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Lei Huang, Yun Wang, Juan Liu, Pengfei Ye, Xijian Chen, Huayan Xu, Haibo Qu, Gang Ning
(Department of Radiology, West China Second University Hospital of Sichuan University, Chengdu, Sichuan, China (mainland))
Med Sci Monit 2020; 26:e926008
During the outbreak of COVID-19, health care workers in the radiology department frequently interact with suspected patients and face a higher risk of infection and sudden surges in workload. High anxiety levels seriously harm physical and mental health and affect work efficiency and patient safety. Therefore, it is critical to determine anxiety levels of health care workers and explore its risk factors.
MATERIAL AND METHODS: Self-Rating Anxiety Scale and Connor-Davidson Resilience Scale were used to evaluate the anxiety and resilience of 364 health care workers with high exposure risk from the radiology departments of 32 public hospitals in Sichuan Province, China. Multivariate linear regression was used to analyze factors related to anxiety.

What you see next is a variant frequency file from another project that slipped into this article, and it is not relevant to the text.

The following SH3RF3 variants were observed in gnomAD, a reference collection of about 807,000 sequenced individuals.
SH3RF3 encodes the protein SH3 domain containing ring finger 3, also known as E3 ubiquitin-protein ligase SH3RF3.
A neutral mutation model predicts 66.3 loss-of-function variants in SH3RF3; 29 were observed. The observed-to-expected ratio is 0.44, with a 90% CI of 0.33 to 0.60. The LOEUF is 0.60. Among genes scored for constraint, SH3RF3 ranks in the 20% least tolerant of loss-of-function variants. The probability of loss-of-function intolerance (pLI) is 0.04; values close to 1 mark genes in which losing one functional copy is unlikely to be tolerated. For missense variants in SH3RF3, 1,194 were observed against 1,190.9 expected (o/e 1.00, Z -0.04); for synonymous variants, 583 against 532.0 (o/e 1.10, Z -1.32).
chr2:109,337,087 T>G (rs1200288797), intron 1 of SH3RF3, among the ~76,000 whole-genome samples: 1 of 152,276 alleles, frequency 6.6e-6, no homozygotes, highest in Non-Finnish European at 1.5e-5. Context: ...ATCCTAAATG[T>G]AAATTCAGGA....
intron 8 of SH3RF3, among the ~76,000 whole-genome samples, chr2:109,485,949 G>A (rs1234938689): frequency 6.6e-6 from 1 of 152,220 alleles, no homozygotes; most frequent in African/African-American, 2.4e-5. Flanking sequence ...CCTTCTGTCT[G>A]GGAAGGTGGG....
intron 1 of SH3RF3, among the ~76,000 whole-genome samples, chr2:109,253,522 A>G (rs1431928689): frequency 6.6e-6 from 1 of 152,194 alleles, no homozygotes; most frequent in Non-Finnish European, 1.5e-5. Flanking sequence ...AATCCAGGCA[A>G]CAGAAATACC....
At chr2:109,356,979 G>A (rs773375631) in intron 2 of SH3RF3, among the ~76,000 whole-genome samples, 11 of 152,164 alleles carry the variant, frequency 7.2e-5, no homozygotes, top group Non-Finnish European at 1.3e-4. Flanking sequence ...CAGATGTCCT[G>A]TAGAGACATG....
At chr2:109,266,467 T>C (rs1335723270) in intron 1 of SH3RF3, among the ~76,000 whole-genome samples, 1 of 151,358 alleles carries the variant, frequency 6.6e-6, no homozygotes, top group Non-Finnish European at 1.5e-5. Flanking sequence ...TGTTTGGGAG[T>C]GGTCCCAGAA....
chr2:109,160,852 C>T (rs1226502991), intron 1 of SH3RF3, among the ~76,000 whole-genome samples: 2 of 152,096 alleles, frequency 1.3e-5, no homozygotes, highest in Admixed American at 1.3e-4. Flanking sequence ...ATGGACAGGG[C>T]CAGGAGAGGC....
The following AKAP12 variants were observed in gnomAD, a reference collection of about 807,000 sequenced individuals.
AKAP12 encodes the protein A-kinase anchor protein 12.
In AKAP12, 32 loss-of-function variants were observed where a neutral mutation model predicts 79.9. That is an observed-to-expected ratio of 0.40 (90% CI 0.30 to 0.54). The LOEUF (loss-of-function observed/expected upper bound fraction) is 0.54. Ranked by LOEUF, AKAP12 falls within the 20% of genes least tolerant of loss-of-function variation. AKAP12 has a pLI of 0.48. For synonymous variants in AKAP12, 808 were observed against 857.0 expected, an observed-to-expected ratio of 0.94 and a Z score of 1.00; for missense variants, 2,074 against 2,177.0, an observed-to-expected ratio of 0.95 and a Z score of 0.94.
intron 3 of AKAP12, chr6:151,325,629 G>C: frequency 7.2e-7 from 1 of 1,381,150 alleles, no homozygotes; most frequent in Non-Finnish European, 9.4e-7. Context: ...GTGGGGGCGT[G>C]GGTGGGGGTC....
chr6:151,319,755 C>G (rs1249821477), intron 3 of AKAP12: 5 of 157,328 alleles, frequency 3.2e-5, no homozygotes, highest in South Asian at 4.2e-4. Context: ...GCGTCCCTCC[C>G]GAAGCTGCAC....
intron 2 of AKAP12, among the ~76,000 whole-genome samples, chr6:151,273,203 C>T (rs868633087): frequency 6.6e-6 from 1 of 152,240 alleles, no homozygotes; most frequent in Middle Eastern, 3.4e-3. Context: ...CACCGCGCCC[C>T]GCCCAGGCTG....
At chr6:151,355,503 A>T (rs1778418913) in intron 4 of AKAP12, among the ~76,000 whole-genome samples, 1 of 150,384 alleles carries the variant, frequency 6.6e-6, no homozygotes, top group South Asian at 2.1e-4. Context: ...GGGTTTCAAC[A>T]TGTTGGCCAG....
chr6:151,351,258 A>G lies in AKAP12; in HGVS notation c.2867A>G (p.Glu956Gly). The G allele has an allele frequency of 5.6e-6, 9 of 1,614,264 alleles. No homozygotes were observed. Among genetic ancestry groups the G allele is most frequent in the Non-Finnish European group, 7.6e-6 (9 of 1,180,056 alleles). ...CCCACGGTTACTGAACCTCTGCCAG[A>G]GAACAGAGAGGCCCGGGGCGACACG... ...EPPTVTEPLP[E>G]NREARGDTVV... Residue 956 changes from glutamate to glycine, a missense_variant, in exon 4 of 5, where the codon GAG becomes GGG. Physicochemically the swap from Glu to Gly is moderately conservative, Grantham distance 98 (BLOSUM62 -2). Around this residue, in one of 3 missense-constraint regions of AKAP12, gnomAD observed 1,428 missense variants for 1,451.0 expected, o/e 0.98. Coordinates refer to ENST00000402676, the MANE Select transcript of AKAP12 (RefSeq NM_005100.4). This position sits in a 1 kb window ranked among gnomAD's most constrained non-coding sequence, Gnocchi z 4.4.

RESULTS: The mean anxiety score was 44.28±8.93 and 23.4% of our study participants reported mild (n=63), moderate (n=19), or severe (n=3) anxiety. Multiple linear regression analysis showed that age, job position, availability of protective materials, signs of suspected symptoms, and susceptibility to emotions and behaviors of people around them were identified as risk factors for anxiety, whereas psychological resilience was identified as a protective factor.
CONCLUSIONS: Our study suggests that the anxiety level of health care workers in the radiology department with a high exposure risk to COVID-19 was high in the early stage of the outbreak, although the majority remained within normal limits. Timely assessment and effective intervention measures can improve the mental health of these at-risk populations.